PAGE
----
Do we think enough? What is the purpose of thinking? For some, thinking is overrated, but we all stand to gain a lot if we can think better. In this 'thought provoking' conversation we learn why thinking is important and how we can do it better.
Our guest: Dr. Mark Stephens. Mark is a Senior Research Fellow at the Centre for Public Christianity. Prior to this Mark was lecturer at Excelsia College, teaching performing artists how to use their creativity to help audiences think deeply. And he’s just released a book ‘The end of thinking?’
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Bigger questions asked in the conversation
So how was it trying to get performing artists to help their audiences to think? That sounds difficult?
Can the performing arts be that provocative?
Now to kick off Bigger Questions we like to ask some smaller questions - just to get us thinking. Today we’re asking Dr. Mark Stephens about how we can think better. So Mark for our smaller questions, I’m going to ask you about thinking and Twitter.
Thinking in our culture
So this blog piece highlighted 22 people they constituted as brilliant thinkers - unfortunately they didn’t include you on the list. But what do you think makes a great or brilliant thinker?
Do you think we do enough thinking in our culture today?
The end of thinking?
Why did you entitle your book, ‘the end of thinking?’ - do you think we’re not very good at it in our world today? Or that thinking is coming to an end?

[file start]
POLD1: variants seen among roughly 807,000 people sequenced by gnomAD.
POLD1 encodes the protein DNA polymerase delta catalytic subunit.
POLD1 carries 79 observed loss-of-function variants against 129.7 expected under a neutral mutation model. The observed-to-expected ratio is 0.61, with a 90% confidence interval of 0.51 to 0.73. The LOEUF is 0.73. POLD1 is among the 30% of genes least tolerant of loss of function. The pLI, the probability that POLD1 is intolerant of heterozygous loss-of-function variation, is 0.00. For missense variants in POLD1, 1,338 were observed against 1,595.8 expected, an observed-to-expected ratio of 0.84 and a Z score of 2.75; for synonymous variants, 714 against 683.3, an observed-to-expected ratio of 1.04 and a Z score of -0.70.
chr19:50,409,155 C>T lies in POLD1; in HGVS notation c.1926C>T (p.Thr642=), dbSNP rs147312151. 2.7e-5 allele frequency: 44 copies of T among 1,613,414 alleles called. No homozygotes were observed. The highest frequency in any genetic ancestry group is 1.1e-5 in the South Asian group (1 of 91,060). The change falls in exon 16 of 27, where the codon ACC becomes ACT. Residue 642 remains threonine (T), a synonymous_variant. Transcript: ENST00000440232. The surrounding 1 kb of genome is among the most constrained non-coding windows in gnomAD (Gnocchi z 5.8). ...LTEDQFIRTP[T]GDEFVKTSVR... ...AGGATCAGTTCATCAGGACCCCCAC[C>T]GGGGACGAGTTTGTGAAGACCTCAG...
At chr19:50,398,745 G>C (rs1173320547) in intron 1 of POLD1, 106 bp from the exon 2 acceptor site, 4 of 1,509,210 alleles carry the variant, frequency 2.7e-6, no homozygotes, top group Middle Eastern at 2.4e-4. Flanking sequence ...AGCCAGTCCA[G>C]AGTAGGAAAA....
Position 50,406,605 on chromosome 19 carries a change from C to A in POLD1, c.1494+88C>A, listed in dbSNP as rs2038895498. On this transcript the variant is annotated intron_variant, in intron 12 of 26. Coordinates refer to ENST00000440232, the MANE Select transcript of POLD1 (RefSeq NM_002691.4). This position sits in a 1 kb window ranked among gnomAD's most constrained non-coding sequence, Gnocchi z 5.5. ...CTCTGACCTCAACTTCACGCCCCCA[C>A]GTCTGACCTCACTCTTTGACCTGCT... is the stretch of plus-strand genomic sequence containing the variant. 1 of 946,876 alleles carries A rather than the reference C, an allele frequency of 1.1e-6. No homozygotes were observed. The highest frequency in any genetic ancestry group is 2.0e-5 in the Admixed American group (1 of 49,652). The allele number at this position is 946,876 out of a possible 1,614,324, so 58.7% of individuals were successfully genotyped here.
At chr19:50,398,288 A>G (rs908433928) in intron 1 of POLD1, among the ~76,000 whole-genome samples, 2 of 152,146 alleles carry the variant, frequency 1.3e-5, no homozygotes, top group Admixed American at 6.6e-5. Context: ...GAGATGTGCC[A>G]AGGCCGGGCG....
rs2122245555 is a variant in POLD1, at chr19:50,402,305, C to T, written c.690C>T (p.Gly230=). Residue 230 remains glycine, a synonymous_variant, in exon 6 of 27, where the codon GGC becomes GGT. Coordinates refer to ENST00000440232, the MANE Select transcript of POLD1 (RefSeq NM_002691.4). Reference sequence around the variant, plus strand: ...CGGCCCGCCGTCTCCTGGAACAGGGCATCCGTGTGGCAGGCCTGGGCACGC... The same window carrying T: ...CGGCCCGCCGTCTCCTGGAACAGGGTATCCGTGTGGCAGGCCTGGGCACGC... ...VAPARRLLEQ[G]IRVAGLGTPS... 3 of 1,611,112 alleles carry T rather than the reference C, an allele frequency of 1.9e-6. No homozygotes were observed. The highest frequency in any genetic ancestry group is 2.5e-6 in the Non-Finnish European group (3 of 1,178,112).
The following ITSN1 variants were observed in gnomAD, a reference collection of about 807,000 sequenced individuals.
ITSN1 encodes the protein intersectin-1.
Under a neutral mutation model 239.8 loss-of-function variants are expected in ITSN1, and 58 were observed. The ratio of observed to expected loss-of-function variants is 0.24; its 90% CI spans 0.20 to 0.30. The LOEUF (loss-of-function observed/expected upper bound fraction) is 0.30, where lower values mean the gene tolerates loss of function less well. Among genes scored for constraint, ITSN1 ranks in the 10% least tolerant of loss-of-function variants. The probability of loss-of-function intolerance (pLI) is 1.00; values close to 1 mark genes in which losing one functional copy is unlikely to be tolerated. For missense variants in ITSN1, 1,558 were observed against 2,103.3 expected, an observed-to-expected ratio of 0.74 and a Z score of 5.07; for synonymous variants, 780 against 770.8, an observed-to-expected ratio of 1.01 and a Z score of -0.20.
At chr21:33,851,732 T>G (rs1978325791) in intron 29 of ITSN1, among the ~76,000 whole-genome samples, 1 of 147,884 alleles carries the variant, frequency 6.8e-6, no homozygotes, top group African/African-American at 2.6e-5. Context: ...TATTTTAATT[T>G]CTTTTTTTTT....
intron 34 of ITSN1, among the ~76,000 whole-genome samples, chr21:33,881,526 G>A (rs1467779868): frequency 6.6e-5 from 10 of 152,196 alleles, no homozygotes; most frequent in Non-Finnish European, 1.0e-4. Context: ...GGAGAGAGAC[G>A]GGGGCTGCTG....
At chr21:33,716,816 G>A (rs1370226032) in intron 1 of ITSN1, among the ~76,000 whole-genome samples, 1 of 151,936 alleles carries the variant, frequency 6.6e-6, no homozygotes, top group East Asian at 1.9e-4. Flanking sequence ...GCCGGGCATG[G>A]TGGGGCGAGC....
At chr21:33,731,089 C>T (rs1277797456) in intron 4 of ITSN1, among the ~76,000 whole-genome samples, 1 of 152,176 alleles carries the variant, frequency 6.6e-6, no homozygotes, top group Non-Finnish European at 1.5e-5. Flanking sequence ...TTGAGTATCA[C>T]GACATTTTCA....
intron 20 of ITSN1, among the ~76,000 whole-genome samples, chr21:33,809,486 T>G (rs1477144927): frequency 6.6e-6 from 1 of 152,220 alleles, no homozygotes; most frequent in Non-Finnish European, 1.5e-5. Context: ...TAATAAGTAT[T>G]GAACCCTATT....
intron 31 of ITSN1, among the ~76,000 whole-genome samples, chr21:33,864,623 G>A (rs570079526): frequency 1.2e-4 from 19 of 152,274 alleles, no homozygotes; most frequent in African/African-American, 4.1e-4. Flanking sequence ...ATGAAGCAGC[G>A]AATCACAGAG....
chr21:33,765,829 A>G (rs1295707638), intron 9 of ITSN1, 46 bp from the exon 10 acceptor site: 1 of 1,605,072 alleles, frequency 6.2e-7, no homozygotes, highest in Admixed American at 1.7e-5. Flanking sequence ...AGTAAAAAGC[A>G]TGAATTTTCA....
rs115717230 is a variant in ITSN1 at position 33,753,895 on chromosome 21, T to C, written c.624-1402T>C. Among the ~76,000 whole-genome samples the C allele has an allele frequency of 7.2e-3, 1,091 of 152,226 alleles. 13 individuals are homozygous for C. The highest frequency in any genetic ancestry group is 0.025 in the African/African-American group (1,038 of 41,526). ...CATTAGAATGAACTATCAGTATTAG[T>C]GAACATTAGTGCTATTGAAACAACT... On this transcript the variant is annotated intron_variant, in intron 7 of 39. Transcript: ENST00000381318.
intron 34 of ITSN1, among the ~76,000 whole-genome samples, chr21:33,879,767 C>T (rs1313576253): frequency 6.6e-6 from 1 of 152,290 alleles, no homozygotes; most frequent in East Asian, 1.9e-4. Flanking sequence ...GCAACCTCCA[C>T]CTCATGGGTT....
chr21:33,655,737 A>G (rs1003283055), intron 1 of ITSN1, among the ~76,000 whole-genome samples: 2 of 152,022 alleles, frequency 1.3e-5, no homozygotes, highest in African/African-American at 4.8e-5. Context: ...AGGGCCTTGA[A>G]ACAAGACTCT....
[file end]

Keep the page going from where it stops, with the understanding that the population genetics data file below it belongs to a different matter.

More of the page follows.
But why should we think? Why should we even want to think better?
Is atheism more natural for thinkers?
You work for the Centre for Public Christianity, so isn’t thinking contrary to the Christian message. American atheist author Ernest Hemingway once said, “All thinking men are atheists” you can buy a t-shirt on Amazon which has ‘Jesus saves you from thinking’ printed on the front. So doesn’t the Christian message discourage thinking and instead you just resort to trusting Jesus?
So is atheism a more natural path to take for the thinker?
The Bible’s reflection
Now Mark, there is a verse in the Bible, from the book of Romans in the New Testament, which speaks a bit about the manner of thinking, from Romans 12:3:
For by the grace given me I say to every one of you: do not think of yourself more highly than you ought, but rather think of yourself with sober judgment, in accordance with the faith God has distributed to each of you.
How does this help us think better?
Why should we think of ourselves with sober judgement?
Character of the thinker?
You’ve suggested particular characteristics of humility, hospitality and love to help us think better - why those virtues in particular? How will they help us think better?
The Big Question
So Mark, how can we think better?